Regional maps for Waterdeep, Triboar, Ardeep Forest, and Cormyr on DM's Guild, plus a campaign sized map for the North

Edited by - KanzenAU on 27 Feb 2017 01:11:52
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TomCosta
Forgotten Realms Designer

USA
463 Posts

Posted - 27 Feb 2017 :  01:23:18  Show Profile Send TomCosta a Private Message  Reply with Quote
Having started playing 1977, I've played every edition except OD&D (which I've seen and read). 1E basically introduced the world to the game. The rules were kind of a hot mess -- complex in the writing and inconsistent rolling (sometimes high is good, sometimes not, sometimes you roll a d20, sometimes not) though that was part of the fun. Basic D&D was, well, basic. Hated it's lack of options -- all elves were gish, all dwarves were fighters, bah. 2E cleaned up the rules presentation of 1E a fair amount and brought us all the settings. FR began to hit its stride. Planescape and others. Some awesome stuff. The lore overfloweth. 3E and 3.5E added consistency, tons more options, but also more complexity (Statting up the big bad guy was fun, but it could literally take you hours and a good fight could easily take the same). Pathfinder is 3.75E. The setting is great and in many ways better thought out than FR was once it left Ed's hands (especially before Steven Schend, Julia Martin, Eric Boyd, and others came along to fix things)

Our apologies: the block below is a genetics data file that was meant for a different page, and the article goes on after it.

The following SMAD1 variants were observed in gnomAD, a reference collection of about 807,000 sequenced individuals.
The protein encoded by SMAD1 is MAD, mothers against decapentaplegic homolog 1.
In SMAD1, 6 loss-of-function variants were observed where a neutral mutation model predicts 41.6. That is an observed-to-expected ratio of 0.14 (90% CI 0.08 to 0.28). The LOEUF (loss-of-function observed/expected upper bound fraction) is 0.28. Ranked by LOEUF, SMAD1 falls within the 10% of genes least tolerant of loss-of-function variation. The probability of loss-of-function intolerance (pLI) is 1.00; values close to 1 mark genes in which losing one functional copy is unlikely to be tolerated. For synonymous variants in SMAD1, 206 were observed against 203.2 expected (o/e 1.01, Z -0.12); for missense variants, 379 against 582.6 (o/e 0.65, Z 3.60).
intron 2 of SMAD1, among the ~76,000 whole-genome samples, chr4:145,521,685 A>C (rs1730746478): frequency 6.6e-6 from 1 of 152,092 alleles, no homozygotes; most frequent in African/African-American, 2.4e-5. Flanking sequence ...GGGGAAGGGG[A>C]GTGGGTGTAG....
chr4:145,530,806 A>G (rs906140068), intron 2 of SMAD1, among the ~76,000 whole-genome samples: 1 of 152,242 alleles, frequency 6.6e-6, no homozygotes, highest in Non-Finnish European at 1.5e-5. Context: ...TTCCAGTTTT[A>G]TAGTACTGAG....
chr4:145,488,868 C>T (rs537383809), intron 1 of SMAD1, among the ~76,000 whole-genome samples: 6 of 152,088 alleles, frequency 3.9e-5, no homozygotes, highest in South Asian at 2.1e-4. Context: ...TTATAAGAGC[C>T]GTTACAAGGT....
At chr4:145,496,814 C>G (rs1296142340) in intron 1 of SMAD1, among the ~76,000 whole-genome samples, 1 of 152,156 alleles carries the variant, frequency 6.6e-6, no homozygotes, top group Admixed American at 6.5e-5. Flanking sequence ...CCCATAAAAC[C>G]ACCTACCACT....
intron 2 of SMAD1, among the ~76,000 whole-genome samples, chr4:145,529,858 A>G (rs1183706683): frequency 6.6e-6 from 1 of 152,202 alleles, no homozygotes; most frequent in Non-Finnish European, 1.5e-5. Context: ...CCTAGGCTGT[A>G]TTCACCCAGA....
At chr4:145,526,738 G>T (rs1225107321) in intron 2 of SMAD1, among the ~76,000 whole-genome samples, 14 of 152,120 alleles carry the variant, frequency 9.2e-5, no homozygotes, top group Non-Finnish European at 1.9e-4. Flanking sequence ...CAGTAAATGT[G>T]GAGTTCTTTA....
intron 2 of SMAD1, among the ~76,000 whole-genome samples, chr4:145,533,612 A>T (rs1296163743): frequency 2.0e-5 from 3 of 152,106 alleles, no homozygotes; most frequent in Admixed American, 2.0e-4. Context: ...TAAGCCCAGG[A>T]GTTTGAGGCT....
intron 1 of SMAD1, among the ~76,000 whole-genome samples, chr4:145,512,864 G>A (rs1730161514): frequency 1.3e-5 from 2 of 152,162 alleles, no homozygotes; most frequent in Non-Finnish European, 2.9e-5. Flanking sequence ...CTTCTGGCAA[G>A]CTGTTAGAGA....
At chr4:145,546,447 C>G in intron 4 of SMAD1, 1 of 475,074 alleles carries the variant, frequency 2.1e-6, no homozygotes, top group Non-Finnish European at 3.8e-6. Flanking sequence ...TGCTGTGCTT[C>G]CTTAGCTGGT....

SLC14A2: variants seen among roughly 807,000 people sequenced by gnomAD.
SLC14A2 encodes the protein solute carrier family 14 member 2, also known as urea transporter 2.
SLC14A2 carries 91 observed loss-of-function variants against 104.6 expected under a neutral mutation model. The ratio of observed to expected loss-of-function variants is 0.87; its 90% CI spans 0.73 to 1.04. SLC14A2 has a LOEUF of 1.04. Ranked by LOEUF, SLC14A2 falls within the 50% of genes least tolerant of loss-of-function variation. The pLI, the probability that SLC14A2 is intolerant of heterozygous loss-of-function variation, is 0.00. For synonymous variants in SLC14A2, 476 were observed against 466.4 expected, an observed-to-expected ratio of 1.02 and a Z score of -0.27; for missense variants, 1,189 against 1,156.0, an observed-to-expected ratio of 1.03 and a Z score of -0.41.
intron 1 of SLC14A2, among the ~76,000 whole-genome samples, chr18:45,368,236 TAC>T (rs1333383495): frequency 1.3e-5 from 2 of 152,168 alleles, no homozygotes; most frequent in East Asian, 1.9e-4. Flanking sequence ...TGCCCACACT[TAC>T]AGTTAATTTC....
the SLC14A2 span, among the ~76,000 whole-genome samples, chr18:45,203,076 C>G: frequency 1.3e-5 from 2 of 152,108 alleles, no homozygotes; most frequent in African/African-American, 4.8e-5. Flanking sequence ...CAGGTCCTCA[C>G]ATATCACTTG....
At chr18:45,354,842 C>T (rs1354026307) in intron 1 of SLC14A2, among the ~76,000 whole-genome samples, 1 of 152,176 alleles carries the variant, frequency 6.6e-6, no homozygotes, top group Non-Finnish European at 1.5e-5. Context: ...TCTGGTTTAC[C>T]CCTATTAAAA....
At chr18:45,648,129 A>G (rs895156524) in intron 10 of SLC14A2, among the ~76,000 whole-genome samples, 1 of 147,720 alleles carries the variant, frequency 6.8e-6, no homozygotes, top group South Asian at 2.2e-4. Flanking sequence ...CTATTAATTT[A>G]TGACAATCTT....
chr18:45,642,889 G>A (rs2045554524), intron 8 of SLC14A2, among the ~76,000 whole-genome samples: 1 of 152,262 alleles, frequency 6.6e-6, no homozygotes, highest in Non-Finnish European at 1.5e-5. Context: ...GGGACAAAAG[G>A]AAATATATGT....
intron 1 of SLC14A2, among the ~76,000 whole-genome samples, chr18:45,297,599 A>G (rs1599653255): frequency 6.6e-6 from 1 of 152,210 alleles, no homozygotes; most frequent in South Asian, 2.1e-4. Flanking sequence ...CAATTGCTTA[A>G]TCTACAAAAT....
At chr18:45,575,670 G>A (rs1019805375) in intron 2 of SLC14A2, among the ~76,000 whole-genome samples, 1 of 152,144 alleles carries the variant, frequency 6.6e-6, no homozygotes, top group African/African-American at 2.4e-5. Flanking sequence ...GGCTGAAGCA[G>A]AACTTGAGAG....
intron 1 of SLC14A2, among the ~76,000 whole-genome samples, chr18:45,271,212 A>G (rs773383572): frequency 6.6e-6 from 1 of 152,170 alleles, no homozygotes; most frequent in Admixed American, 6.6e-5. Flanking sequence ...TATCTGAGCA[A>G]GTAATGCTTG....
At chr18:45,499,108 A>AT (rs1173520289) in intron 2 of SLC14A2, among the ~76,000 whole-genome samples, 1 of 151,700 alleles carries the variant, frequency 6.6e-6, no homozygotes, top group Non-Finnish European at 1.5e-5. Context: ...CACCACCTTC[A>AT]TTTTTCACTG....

4E changed so much about the game, bringing in elements of video games and Magic the Gathering, greater balance than had existed before, and a return to simpler bad guys. But I think to its downfall, it changed the presentation of the game, making it seem unfamiliar. So many elements lost much of their lore. Monster descriptions often became somewhat uninspiring and while every character had a suite of cool abilities, the actual mechanics of the abilities was often bland because they seemed like every other classes mechanics (thus the impression to many that it gave up on the role playing part). Battles were even longer (again making it seem as though role playing was less important) which given that monsters were simpler was saying something. They blew up the Realms (which resulted in some neat elements, but they still blew up the Realms). In the end, after giving it a shot for a year or two and recognizing some good things about 4E, 4E still drove me away from D&D and the Realms for a time, which was kinda sad to me.